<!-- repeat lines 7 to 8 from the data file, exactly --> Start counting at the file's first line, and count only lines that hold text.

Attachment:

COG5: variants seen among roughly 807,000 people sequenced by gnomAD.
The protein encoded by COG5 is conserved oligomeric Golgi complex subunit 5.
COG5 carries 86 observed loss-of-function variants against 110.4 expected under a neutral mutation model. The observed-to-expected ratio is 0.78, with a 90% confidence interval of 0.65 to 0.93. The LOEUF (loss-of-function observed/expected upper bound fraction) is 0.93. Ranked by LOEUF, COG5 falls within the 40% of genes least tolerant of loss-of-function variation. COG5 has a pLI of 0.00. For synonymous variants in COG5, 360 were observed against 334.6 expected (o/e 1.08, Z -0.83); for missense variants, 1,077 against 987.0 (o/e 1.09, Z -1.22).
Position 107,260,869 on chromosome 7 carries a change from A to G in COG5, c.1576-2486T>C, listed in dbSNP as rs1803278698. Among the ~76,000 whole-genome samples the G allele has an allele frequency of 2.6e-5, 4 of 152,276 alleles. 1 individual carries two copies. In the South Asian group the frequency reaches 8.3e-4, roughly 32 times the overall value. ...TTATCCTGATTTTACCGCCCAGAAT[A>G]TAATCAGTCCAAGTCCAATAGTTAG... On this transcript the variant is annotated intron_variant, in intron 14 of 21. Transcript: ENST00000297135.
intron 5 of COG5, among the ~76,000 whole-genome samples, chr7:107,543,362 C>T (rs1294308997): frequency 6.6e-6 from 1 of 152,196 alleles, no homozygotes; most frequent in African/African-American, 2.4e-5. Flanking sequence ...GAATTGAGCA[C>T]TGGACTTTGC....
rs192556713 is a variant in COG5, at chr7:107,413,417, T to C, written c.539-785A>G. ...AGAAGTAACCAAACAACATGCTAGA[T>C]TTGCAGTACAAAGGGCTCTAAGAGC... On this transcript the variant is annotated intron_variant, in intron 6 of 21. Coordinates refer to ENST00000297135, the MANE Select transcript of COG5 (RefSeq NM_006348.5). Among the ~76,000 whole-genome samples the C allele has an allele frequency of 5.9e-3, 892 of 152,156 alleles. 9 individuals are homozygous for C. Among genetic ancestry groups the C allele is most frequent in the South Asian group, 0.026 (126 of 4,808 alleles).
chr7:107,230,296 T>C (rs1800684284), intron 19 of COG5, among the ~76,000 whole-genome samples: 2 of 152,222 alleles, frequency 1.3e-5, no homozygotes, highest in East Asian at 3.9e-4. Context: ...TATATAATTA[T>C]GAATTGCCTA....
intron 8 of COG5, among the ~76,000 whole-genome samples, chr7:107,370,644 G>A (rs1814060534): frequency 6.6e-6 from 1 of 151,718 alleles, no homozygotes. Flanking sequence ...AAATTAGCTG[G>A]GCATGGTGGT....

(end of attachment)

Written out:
chr7:107,230,296 T>C (rs1800684284), intron 19 of COG5, among the ~76,000 whole-genome samples: 2 of 152,222 alleles, frequency 1.3e-5, no homozygotes, highest in East Asian at 3.9e-4. Context: ...TATATAATTA[T>C]GAATTGCCTA....
intron 8 of COG5, among the ~76,000 whole-genome samples, chr7:107,370,644 G>A (rs1814060534): frequency 6.6e-6 from 1 of 151,718 alleles, no homozygotes. Flanking sequence ...AAATTAGCTG[G>A]GCATGGTGGT....